Bobcats Almost-Hornets are heading to the playoffs for the second time in their history, thanks to an overtime win over the Cleveland Cavaliers Saturday night. With five games to go, Charlotte sits one game above .500. If the playoffs began today, they’d be a seven-seed, and would take on the Indiana Pacers in the first round. So how good are these Bobcats, when judged by Bobcats’ standards?
They’re AMAZING. The above chart shows the Bobcats’ win percentage, by year (specifically, the year the season ended). The only year the Bobcats finished above .500 was 2010, when Charlotte piled up 44 wins, made their first playoff appearance, and were promptly swept by the Orlando Magic. To hit 44 wins this season, the Bobcats would need to win all five remaining regular season games.
Just for historical perspective, the Charlotte Hornets first made the playoffs in 1993 and went on to make seven playoff appearances during their 14 seasons in Charlotte (The Hornets moved to New Orleans in 2002, and are now known as the Pelicans, thus allowing the Hornets nickname to return to Charlotte after this season). The Hornets first won more than 50% of their games in 1993, and remained above .500 for their remaining ten seasons in Charlotte.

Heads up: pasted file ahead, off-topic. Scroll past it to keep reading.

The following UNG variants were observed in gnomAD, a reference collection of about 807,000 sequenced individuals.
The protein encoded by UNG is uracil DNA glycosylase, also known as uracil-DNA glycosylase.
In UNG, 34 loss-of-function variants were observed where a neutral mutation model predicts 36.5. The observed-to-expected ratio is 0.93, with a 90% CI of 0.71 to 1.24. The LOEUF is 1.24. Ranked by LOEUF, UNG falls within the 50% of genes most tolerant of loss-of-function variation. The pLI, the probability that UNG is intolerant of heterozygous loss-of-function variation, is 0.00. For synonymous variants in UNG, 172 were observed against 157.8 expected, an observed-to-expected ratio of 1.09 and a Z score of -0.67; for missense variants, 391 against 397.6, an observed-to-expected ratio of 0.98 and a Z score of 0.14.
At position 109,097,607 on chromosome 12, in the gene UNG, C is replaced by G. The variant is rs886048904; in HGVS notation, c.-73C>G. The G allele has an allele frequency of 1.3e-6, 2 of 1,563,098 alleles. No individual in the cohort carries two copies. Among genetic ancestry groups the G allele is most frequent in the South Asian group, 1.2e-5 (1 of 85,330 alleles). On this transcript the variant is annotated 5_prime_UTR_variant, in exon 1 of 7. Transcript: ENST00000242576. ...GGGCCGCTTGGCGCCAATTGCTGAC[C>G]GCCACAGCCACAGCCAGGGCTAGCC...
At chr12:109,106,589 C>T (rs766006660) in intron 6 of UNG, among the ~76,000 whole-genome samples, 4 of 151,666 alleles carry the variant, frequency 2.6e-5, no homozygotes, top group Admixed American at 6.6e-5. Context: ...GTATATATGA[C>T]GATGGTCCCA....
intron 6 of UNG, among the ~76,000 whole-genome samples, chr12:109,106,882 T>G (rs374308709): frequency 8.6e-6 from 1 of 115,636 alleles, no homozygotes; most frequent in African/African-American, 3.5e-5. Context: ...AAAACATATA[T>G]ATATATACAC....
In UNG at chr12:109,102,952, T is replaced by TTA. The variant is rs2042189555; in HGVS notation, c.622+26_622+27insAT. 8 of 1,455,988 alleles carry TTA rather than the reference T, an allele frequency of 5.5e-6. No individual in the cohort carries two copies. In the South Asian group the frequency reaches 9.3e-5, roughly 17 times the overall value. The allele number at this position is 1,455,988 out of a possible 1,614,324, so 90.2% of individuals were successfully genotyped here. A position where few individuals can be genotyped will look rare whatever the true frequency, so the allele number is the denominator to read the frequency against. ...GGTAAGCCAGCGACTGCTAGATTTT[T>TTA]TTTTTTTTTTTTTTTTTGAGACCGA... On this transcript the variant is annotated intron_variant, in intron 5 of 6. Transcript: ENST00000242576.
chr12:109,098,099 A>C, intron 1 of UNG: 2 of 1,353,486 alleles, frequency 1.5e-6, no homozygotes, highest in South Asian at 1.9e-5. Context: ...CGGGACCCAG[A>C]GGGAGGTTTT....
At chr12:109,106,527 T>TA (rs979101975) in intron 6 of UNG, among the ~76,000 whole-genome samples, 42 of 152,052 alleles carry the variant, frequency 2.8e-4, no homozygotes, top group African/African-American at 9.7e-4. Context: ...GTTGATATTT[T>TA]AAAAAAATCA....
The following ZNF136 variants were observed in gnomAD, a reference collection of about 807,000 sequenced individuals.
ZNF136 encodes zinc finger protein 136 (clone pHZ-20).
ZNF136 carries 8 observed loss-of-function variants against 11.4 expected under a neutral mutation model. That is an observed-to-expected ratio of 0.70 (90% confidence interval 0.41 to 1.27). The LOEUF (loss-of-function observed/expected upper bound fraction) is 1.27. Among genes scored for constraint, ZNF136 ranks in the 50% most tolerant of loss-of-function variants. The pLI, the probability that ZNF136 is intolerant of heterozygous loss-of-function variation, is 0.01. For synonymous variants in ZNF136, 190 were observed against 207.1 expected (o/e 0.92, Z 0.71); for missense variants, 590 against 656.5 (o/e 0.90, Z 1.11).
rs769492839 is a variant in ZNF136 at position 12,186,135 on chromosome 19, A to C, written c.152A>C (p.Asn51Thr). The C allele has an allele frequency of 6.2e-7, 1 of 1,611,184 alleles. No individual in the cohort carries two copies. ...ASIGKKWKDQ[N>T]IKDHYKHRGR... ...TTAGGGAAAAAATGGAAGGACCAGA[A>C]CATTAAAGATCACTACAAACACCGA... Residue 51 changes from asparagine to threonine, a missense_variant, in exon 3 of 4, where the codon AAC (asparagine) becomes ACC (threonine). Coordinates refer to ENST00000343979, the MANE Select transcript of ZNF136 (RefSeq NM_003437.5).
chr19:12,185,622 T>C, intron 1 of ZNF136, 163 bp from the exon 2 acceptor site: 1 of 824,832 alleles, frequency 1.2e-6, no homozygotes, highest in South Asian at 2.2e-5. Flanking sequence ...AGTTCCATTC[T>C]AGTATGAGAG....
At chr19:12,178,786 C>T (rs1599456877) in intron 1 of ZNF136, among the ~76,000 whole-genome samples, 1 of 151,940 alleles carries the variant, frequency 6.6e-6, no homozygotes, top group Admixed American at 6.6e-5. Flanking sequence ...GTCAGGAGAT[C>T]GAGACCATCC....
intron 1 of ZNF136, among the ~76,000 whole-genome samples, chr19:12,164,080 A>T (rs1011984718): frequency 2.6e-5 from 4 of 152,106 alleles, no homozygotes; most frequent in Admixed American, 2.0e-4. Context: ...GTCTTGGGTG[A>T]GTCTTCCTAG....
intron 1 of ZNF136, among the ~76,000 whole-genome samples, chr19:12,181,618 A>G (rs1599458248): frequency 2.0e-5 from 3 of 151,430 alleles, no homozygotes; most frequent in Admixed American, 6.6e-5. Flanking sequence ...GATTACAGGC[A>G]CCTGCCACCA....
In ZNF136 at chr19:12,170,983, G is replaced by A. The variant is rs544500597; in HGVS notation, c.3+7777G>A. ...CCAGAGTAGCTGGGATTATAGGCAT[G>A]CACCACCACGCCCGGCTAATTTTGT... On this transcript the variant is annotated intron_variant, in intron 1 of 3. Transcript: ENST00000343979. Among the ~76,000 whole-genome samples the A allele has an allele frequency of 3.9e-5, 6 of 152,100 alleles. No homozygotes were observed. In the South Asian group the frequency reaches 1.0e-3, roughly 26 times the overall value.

Bottom line though, this Charlotte Bobcats squad is special. But judged by half-priced-pizza standards, they’re practically hall-of-famers.
UPDATE (4/7/14, 3:05 p.m.): This bonus chart compares the Hornets and Bobcats head to head. As you can see, the Bobcats were slightly better in seasons 2-4:
UPDATE (4/7/14, 5:10 p.m.): One of the Bring Back The Buzz guys wanted to know whether more people show up when the Bobcats are winning. In theory, this should be easy to figure out — just plot attendance numbers next to win percentage and have a look:
But here’s the problem. The NBA calculates attendance as tickets distributed, not tickets sold, nor, you know, the actual attendance. So if the Bobcats give away a ticket to somebody who never shows up the game, they count. Hence, Time Warner Cable Arena is always at least 3/4 full on paper, regardless of whether people actually show up for the game.